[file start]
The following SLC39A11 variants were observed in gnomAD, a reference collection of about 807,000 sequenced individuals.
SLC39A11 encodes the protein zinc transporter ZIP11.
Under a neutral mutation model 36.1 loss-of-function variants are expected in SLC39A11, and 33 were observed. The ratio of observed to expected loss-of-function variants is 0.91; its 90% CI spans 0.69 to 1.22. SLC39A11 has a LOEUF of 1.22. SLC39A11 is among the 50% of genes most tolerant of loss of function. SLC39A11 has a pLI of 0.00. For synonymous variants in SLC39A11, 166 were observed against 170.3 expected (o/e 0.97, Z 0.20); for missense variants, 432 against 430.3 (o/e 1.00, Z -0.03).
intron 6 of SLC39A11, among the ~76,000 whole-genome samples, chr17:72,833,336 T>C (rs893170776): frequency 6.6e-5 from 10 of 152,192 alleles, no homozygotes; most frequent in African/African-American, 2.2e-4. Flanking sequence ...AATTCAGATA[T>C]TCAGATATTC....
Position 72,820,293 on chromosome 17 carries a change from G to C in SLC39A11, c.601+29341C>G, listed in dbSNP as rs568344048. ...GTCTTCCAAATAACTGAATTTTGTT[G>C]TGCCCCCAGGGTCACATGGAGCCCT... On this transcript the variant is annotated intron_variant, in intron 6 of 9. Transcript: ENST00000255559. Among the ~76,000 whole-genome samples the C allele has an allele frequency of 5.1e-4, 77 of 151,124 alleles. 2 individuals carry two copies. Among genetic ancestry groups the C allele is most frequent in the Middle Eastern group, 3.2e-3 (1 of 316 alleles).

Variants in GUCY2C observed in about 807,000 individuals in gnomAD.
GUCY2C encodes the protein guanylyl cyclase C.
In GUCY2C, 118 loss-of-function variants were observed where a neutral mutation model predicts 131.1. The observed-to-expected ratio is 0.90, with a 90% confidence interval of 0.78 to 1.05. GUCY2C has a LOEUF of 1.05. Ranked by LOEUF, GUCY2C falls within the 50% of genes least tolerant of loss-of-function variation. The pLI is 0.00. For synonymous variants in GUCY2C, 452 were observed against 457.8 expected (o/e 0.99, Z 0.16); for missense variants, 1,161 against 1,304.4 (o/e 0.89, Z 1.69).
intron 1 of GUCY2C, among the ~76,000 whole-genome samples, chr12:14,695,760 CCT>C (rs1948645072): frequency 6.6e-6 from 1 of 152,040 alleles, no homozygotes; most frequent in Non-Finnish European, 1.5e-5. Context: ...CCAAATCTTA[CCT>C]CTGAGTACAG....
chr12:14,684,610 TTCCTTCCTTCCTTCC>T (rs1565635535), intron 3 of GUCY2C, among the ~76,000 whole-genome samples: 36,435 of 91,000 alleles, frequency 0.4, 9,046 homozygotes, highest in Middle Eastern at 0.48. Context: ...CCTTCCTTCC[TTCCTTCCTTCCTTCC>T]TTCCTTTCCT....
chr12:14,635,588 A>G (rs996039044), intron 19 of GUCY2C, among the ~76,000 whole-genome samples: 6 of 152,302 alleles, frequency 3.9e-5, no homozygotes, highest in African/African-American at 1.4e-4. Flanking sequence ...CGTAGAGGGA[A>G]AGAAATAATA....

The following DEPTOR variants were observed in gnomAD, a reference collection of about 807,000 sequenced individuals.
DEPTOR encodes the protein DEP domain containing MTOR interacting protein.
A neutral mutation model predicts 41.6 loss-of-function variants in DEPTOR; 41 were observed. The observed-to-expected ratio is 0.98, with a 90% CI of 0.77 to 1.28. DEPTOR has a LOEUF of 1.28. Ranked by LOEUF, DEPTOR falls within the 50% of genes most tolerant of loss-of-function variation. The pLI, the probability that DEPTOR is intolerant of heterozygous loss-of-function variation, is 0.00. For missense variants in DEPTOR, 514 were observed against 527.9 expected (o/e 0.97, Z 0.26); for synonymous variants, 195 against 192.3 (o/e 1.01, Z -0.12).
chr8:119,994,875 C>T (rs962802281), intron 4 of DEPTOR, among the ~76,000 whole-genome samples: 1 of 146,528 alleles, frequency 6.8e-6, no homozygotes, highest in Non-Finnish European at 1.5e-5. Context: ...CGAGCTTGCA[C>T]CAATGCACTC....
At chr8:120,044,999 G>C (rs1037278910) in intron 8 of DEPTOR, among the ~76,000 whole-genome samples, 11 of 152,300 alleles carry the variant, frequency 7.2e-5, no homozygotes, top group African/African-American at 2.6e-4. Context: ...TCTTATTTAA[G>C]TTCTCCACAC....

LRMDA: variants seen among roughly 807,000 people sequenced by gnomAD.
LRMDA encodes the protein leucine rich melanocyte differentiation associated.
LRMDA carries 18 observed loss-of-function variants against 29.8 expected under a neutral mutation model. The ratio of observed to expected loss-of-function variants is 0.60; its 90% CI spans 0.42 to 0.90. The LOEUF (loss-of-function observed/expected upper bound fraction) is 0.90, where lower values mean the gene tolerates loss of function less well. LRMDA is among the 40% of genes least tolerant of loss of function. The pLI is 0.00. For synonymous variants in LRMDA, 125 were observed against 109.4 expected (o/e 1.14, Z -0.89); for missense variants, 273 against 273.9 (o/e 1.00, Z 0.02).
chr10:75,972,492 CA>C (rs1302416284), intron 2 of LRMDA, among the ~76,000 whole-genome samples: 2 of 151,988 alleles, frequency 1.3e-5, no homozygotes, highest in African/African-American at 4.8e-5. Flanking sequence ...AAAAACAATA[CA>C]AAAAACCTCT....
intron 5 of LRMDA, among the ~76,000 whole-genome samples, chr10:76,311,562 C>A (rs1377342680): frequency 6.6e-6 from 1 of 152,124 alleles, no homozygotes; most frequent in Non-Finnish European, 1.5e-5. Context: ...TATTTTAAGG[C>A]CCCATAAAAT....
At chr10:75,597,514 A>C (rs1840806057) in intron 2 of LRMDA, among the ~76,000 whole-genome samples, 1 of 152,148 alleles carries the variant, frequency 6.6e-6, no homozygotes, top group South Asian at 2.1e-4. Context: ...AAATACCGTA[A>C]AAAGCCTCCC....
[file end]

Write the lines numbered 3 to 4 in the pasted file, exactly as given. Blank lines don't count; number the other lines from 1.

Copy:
Under a neutral mutation model 36.1 loss-of-function variants are expected in SLC39A11, and 33 were observed. The ratio of observed to expected loss-of-function variants is 0.91; its 90% CI spans 0.69 to 1.22. SLC39A11 has a LOEUF of 1.22. SLC39A11 is among the 50% of genes most tolerant of loss of function. SLC39A11 has a pLI of 0.00. For synonymous variants in SLC39A11, 166 were observed against 170.3 expected (o/e 0.97, Z 0.20); for missense variants, 432 against 430.3 (o/e 1.00, Z -0.03).
intron 6 of SLC39A11, among the ~76,000 whole-genome samples, chr17:72,833,336 T>C (rs893170776): frequency 6.6e-5 from 10 of 152,192 alleles, no homozygotes; most frequent in African/African-American, 2.2e-4. Flanking sequence ...AATTCAGATA[T>C]TCAGATATTC....